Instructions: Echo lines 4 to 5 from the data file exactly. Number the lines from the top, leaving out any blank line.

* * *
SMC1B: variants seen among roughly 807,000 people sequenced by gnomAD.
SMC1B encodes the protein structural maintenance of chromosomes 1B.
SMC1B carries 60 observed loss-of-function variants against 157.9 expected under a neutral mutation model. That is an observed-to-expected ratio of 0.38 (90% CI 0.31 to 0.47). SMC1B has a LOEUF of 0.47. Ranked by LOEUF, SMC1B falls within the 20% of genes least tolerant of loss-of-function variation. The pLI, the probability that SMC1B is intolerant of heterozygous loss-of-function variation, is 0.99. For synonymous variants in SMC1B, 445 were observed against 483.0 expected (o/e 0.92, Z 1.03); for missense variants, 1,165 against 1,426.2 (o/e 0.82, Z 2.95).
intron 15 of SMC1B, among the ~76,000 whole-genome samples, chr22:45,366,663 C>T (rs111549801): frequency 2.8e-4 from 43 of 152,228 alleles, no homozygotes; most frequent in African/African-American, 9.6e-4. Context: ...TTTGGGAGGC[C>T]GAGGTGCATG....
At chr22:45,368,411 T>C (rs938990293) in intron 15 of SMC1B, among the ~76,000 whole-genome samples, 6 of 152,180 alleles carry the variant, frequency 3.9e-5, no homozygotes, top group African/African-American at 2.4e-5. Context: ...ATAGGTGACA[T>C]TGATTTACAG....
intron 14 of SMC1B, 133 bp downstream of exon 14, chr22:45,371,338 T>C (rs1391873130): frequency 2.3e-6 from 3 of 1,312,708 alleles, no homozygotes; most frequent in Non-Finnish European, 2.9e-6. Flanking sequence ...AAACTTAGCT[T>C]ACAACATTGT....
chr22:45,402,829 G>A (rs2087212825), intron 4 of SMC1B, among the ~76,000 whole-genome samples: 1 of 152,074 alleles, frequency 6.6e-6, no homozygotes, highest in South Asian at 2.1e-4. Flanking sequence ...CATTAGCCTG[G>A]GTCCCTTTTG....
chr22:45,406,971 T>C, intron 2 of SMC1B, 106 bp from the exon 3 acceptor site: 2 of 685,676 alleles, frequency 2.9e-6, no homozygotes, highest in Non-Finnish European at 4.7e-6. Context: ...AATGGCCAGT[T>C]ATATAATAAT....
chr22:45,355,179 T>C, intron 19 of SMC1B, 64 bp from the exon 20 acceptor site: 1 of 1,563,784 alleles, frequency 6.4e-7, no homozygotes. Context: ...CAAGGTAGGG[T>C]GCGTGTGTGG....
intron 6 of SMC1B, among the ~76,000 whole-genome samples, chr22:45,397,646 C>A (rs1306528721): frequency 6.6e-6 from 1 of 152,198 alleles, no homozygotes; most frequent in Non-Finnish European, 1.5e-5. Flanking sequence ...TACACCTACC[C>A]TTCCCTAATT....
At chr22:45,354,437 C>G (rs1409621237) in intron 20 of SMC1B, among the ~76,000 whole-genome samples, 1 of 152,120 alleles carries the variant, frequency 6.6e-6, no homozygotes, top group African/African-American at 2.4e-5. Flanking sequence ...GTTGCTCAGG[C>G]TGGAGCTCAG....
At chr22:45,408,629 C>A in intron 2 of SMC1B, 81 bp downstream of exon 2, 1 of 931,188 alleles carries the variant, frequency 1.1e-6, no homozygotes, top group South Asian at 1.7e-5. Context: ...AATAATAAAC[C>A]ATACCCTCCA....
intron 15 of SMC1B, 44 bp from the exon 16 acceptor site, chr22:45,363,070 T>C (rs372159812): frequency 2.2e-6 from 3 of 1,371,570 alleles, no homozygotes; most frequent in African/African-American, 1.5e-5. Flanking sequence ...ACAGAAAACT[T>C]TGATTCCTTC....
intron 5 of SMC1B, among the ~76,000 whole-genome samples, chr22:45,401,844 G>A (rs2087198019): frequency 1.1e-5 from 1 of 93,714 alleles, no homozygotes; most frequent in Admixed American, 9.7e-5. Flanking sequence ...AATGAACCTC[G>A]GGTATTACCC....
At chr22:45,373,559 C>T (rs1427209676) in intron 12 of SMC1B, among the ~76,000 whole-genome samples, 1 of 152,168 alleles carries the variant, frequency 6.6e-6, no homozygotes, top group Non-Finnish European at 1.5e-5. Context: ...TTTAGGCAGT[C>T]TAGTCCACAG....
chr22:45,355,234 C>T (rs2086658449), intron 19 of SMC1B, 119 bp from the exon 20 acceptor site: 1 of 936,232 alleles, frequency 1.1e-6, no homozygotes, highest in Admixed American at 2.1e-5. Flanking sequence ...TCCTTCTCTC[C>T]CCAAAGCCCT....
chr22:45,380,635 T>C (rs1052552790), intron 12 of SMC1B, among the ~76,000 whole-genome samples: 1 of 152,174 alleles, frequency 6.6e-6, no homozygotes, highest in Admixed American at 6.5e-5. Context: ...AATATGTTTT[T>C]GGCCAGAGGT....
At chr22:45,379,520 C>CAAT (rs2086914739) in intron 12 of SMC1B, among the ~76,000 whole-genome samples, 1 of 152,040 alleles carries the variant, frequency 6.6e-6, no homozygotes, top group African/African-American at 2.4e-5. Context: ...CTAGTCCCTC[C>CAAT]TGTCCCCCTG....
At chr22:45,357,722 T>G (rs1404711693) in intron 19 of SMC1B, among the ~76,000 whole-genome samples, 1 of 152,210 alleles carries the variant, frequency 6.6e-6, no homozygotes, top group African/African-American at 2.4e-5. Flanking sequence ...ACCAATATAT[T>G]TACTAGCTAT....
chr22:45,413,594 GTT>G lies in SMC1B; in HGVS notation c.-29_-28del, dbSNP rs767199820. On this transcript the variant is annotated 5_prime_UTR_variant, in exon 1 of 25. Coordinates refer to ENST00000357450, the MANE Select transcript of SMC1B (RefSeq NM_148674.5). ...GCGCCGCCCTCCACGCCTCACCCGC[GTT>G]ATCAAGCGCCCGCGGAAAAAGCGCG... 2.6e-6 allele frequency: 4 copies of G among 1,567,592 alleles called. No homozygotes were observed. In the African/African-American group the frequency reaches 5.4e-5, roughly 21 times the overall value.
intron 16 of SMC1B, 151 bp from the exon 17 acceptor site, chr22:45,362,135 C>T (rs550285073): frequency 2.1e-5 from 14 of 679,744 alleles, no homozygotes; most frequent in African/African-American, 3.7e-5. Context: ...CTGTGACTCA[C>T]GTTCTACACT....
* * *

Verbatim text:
intron 15 of SMC1B, among the ~76,000 whole-genome samples, chr22:45,366,663 C>T (rs111549801): frequency 2.8e-4 from 43 of 152,228 alleles, no homozygotes; most frequent in African/African-American, 9.6e-4. Context: ...TTTGGGAGGC[C>T]GAGGTGCATG....
At chr22:45,368,411 T>C (rs938990293) in intron 15 of SMC1B, among the ~76,000 whole-genome samples, 6 of 152,180 alleles carry the variant, frequency 3.9e-5, no homozygotes, top group African/African-American at 2.4e-5. Context: ...ATAGGTGACA[T>C]TGATTTACAG....